With the French Revolution in the 18th century, the Abbey was disestablished–the 200 or so nuns still living there were removed. The Abbey and it’s land was taken from the Catholic Church and considered the property of the French Nation.
Under Napoleon Bonaparte, the Abbey was transformed into a prison in 1804. All of the monasteries were converted to dorms, workshops and common areas. The prison housed about 2,000 prisoners and was considered one of the toughest in France. During World War Two, members of the French Resistance were brought here before being deported. During our tour, there are areas that depict prison life and give you an idea of what it was like to have been imprisoned here. The Abbey served as a prison until 1963.
After closing it’s doors as a prison, the Abbey was declared a historic monument and underwent major restoration and was opened to the public in 1985. Which is where we come in….as tourists.
Upon stepping on the grounds of the Abbey, the first thing you realize is that this place is quite vast…it covers some 32 acres (13 hectares)! In the photo below (which I borrowed from the internet) you will see that as a visitor, you enter into the courtyard at the bottom left of the photo.
After securing tickets in the very sleek visitor center, the self-guided tour places you at the entry to the Abbey Church. Once inside, you notice the austere, cream-colored simplicity of the Romanesque architecture. Very few embellishments, no gilt, no gilded statuary. This church was built between 1105 and 1160, before the more well-known gothic style became popular (seen at Notre Dame and Rouen, etc).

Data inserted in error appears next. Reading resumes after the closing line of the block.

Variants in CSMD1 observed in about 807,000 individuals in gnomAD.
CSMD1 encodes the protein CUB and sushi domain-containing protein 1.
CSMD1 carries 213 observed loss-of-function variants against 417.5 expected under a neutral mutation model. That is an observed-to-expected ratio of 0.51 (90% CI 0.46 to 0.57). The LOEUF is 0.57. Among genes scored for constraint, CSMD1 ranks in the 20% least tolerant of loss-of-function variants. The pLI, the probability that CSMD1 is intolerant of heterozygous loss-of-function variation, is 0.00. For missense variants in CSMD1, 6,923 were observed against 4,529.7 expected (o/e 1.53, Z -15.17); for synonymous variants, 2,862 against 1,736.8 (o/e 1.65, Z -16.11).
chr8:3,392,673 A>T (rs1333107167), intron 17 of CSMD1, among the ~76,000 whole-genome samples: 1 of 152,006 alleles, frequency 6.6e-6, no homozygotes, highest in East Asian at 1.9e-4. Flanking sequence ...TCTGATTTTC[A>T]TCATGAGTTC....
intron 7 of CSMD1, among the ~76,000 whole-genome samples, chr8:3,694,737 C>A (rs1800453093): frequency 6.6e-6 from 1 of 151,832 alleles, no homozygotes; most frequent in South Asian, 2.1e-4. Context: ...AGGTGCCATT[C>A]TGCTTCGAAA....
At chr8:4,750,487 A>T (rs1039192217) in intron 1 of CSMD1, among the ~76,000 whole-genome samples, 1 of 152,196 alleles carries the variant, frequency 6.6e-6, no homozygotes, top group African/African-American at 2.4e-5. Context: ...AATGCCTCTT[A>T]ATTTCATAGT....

Knowing that the nuns and monks that used this church led such austere lifestyles, the simple architecture made up of unadorned columns and arches seems very conducive to thought and prayer and appropriate for their simplicity.
The starkness of the Church architecture is contrasted by the more dramatic and classical 16th century renaissance architecture as seen in the nearby Grand Moutier Cloistures.
The Chapter House (a place for meetings) is just off the Cloisters. Built by one of the wealthy Abbesses, Louise de Bourbon (who was the king’s cousin), it was she that oversaw the construction of the Chapter House in about 1534.
Interestingly, on our visit, the Abbey was hosting several contemporary art displays throughout the various buildings. One was found in a former Dormitory. The ceiling of the room looked like an upside down boat….similar to the ceiling we saw earlier at Honfleur’s church. Very interesting art in a superb setting. I can’t say much about the details of the artwork as all of the information was in French, but the undulating red lights created a red glow in the room making the ancient space quite fantastical and a bit eerie.
We then wandered into another part of the Abbey which led down into dark tunnels where there was more contemporary art. Historically, I have no idea what these rooms and tunnels were used for in any iteration of the Abbey. I can only say that it was all a bit creepy and dark and damp. Possibly, they were just underground tunnels connecting different parts of the Abbey…maybe they stored wine down here…maybe the prison used the space for solitary confinement?